DNR seeks help for loons
Volunteers can help Minnesota Department of Natural Resources biologists discover the major cause of death of the common loon by collecting dead loon specimens for testing. This statewide study to find answers about loon mortality is being conducted by the DNR's nongame wildlife program.
"Small studies have been conducted in the past, but they were limited to looking for high mercury concentrations," said Kevin Woizschke, DNR nongame wildlife specialist and loon watcher coordinator. "This new statewide effort will help answer the big question of what kills our loons. Minnesota's loon population is about 12,000 birds and the numbers appear stable, but there are still questions about loon mortality."
The nongame program is asking for help in collecting loons that recently died with no signs of decomposition or obvious predator trauma. Visibly rotten loons should not be collected.
To collect a specimen for testing, use disposable gloves to put the dead loon in a plastic bag. To reduce disease risk, try to avoid bare-handed contact when handling dead animals. If gloves are not available, turn a plastic shopping bag inside out and scoop up the specimen with the bag. Place the specimen in a freezer as soon as possible. If a freezer is not available place the specimen in a cooler, surrounded by ice.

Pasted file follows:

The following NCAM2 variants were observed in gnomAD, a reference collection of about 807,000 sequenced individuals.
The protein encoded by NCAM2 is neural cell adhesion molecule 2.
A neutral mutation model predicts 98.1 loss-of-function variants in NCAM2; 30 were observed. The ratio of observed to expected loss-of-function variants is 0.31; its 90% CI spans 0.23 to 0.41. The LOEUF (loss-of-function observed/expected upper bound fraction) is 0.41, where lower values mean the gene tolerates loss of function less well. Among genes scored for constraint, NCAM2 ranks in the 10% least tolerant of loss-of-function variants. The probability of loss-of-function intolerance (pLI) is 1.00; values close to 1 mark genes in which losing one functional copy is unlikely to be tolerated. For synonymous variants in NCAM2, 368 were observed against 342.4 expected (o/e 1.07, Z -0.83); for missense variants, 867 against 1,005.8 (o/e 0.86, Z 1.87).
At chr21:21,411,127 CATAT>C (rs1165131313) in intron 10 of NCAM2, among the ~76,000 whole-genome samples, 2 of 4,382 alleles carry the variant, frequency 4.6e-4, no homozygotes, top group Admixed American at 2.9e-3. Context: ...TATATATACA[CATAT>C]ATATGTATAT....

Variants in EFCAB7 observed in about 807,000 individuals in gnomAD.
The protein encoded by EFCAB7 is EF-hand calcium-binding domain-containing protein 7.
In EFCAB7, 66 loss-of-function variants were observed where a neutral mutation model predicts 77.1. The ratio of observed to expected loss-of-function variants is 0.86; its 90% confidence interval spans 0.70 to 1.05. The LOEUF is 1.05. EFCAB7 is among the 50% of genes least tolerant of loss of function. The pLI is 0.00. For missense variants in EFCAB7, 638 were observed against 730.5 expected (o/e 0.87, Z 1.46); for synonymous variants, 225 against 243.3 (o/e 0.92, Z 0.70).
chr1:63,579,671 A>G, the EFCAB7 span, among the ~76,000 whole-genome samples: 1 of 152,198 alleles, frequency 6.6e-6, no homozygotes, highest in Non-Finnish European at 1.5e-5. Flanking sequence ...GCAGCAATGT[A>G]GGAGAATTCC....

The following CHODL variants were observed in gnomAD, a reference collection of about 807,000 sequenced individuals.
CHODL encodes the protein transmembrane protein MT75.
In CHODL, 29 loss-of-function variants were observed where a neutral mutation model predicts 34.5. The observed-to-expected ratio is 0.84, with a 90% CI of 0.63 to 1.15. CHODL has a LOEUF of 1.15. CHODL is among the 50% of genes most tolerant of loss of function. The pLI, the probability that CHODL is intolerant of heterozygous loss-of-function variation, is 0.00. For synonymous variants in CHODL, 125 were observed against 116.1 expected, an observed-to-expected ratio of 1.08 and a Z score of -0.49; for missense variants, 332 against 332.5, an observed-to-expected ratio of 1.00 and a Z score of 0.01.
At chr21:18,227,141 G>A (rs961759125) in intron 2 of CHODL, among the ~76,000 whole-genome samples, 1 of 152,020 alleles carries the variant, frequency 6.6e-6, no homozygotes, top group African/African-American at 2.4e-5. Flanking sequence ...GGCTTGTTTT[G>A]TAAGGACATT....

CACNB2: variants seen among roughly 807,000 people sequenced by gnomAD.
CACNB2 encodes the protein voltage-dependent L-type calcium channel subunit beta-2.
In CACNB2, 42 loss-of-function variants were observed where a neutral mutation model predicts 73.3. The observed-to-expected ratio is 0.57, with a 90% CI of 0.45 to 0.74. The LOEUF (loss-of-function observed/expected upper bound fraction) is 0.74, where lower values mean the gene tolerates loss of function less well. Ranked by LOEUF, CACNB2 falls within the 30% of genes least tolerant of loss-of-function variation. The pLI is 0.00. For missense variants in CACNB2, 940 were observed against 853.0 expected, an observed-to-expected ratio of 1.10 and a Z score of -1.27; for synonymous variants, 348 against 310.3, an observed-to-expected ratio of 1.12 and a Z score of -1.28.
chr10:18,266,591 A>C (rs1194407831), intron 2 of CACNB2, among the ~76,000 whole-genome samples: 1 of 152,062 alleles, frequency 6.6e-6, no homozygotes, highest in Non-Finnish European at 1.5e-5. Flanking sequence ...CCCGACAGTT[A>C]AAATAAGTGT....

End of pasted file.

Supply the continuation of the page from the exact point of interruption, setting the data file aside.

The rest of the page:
It is important to deliver the specimen as soon as possible to a local DNR office.
All loons need to be labeled with the name of the county, lake, nearest town where it was found and along with person's name, address and telephone number.
For more information or to locate the nearest DNR officer, call DNR Information Center at 651-296-6157 or toll-free at 888-646-6367 or Kevin Woizeschke, 218-833-8729.